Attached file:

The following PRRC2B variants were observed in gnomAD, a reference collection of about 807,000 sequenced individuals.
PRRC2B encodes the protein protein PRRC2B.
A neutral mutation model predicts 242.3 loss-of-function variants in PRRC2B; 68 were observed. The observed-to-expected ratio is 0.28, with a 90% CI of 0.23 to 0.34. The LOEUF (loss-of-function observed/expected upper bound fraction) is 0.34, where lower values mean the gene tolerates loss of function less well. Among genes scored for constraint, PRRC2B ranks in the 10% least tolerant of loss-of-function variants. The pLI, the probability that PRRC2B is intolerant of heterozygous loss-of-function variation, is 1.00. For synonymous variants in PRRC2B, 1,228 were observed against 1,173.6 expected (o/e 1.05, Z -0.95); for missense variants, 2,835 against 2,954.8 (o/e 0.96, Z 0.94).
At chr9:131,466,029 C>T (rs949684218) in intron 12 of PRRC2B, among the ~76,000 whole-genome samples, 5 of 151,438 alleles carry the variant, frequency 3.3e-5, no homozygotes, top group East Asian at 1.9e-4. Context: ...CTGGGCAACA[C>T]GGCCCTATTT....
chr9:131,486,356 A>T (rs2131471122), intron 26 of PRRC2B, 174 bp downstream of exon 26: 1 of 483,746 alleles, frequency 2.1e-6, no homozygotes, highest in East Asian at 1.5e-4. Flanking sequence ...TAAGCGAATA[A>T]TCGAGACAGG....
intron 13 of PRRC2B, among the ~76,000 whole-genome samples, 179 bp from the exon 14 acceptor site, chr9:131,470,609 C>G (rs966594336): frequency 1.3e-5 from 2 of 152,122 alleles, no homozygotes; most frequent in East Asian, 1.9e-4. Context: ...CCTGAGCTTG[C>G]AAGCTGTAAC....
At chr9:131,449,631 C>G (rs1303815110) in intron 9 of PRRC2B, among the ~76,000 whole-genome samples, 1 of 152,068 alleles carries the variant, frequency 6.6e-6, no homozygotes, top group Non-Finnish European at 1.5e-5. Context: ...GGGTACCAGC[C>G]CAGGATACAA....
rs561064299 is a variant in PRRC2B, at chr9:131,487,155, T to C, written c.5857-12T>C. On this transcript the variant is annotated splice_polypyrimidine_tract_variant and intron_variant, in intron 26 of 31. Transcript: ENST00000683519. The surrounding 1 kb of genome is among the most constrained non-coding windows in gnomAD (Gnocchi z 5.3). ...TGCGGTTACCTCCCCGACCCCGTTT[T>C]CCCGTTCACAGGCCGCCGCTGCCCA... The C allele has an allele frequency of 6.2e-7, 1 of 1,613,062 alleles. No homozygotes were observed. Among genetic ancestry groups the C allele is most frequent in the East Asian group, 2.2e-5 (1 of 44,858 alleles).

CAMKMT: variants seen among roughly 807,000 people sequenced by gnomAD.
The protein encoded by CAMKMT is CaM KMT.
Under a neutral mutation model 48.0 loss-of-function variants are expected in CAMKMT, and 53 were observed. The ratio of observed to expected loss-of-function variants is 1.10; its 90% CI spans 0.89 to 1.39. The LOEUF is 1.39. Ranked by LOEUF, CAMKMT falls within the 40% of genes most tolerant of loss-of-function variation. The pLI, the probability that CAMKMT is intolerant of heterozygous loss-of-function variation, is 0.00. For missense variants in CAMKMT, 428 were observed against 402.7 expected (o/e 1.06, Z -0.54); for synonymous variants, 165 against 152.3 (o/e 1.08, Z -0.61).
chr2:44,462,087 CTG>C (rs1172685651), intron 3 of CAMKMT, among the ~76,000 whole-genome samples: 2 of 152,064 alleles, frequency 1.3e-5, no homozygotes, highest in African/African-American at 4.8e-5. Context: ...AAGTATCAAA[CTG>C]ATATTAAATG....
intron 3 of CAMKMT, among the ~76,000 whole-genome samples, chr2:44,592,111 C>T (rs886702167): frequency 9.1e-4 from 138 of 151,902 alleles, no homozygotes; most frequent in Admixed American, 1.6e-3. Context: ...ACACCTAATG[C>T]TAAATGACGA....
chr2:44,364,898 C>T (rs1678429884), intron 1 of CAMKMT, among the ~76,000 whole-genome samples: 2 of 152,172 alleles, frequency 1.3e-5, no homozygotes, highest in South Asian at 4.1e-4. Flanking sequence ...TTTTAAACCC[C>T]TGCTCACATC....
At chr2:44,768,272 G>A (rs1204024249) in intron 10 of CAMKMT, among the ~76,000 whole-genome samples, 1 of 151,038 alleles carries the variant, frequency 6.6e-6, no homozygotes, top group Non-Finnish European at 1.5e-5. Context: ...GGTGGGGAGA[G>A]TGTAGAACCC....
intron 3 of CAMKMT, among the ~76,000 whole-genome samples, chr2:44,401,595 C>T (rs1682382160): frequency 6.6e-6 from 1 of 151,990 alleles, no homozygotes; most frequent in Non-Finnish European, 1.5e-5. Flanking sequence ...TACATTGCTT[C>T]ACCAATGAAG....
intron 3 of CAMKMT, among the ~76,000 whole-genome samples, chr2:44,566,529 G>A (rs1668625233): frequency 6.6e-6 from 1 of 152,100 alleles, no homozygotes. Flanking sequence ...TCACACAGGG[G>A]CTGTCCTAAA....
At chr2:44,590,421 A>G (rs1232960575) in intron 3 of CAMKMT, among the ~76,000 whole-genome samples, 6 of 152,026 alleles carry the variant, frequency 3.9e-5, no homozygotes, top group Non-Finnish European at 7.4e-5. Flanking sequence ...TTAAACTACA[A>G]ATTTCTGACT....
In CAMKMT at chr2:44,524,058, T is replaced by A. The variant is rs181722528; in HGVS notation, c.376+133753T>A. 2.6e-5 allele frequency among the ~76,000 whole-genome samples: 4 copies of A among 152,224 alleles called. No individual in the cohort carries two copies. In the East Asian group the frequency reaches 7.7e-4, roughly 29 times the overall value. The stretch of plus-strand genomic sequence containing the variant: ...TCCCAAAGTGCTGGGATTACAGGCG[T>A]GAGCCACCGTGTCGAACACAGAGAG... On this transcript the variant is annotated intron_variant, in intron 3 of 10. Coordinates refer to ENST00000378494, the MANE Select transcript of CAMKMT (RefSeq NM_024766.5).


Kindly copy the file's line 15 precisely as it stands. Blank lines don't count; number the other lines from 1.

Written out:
At chr2:44,768,272 G>A (rs1204024249) in intron 10 of CAMKMT, among the ~76,000 whole-genome samples, 1 of 151,038 alleles carries the variant, frequency 6.6e-6, no homozygotes, top group Non-Finnish European at 1.5e-5. Context: ...GGTGGGGAGA[G>A]TGTAGAACCC....